- Glad you enjoy Ocean Park. At HK$185, that's quite an expensive admission. And I think the beach you saw from the cable car is Deep Water Bay, not Repulse Bay. However, if you're over 65 and has a HKID, admission is free!

- I have bought Giordano and U2 clothings before, but in recent years my favorite is Bossini. And looking at how crowded their stores are over the holidays, I think most Hong Kongers agree. Thin wool sweater (wool from Italy) for HK$99. Long sleeve T-shirts for about HK$69. And the quality, in my opinion, is better than GAP.

- And were you trying to get the free Thursday harbor cruise on the Duk Ling? My parents went in early December - a foreign passport is required for registration. I believe there are only two sailings - one departing from Kowloon, one HK. And the cruise is towards the eastern part of the harbor (where one can see the old Kai Tak runway - the end of which is now a driving range), and last an hour.
rkkwan is offline  
Jan 12th, 2005, 07:01 AM
  #6  
Original Poster
 
Join Date: Jan 2003
Posts: 646
rkkwan - lol, yes it was a bit nippy over the holidays wasn't it? We were expecting to walk around in short sleeves, but found we needed at least a sweater or hoodie on most days and fleeces or jackets at night.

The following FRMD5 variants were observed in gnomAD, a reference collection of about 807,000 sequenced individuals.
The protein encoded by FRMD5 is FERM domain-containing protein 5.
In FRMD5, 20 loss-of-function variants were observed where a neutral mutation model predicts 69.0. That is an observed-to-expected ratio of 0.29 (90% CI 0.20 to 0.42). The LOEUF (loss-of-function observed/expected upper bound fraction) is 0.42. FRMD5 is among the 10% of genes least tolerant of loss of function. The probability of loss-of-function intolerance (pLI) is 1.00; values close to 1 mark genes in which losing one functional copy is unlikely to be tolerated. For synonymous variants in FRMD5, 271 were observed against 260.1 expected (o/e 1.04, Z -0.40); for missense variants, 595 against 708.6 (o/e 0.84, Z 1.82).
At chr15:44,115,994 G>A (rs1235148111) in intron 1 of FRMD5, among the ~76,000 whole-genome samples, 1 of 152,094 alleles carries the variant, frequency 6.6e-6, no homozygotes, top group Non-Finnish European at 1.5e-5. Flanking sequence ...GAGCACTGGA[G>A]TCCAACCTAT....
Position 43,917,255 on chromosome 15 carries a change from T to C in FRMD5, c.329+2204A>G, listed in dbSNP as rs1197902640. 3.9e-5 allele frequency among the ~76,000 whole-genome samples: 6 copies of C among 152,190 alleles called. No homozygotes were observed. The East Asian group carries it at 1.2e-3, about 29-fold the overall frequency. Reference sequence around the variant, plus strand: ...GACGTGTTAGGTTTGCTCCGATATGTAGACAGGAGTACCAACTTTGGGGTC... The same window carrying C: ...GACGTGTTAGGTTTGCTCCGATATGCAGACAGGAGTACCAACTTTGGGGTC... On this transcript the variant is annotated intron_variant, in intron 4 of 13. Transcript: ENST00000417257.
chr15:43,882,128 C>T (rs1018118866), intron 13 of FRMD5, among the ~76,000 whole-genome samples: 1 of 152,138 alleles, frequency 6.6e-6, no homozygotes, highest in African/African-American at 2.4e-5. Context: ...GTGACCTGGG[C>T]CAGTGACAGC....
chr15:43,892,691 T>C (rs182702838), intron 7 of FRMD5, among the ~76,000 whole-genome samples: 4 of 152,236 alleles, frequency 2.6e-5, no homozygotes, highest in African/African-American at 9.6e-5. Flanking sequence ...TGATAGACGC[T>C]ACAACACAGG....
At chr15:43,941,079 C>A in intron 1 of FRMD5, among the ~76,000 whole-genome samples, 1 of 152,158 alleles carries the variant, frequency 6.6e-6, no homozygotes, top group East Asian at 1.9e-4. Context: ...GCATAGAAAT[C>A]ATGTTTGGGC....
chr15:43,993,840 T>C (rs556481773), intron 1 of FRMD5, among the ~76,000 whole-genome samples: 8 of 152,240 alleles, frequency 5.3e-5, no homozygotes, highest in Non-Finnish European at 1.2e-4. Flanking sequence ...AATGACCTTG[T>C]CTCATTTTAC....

We thought the admission to Ocean Park was pretty reasonable, but then we're coming from the UK with a very strong pound and not the US, where the $US and $HK are pegged together. We found most things far cheaper, relatively speaking, than on our last visit in 2001. Yes, Deep Water Bay is the closest one to the Ocean Park cable cars, but we could definitely see the gaudy temples of Repulse Bay in the distance!

Oh yes, I forgot about Bossini. I tried a really nice jacket on in there and almost got caught up in the locals' frenzy to buy as much warm winter clothing as possible, but then realised that I had more than enough winter jackets back home!

We WERE trying to get on the Thursday Duk Ling cruise, but the lady at the HKTB told us that it had been booked solidly for the whole of December. That was probably the biggest disappointment of our trip since we had really been looking forward to it.


Xenos is offline  
Jan 12th, 2005, 08:03 AM
  #7  
 
Join Date: Feb 2004
Posts: 23,074
Oh, glad you enjoy your trip to Tai O and the Big Buddha too. The bronze statue is the largest "outdoor sitting" statue of the Buddha. I guess there are larger types in the world - like reclining indoor ones.

Regardless of size and religion, it is a very beautifully crafted and constructed statue, with a very kind and peaceful face. The location on a little hill overlooking Po Lin Monastery and the Ngong Ping plateau - a "blessed" area with lots of monasteries/nunneries - is also breath-taking.

You probably went after lunch hour, as the packaged buddha/vegetarian meal is a pretty good deal. Fellow fodorites "yk" went, and reported on this board after Thanksgiving.

I didn't go this time, as I went during my last 2 visits to Hong Kong. But Lantau remains my favorite day-trip from the city.

As for the Admissions to the Ocean Park, again it's all relative. I mean, a weeklong pass to all 6 major museums of Hong Kong cost HK$30. Or roundtrip to Macau only HK$300. Or Duk Ling trip for free! See, when I am visiting Hong Kong, I tend to think like I'm a local, and not a tourist. Can't help it.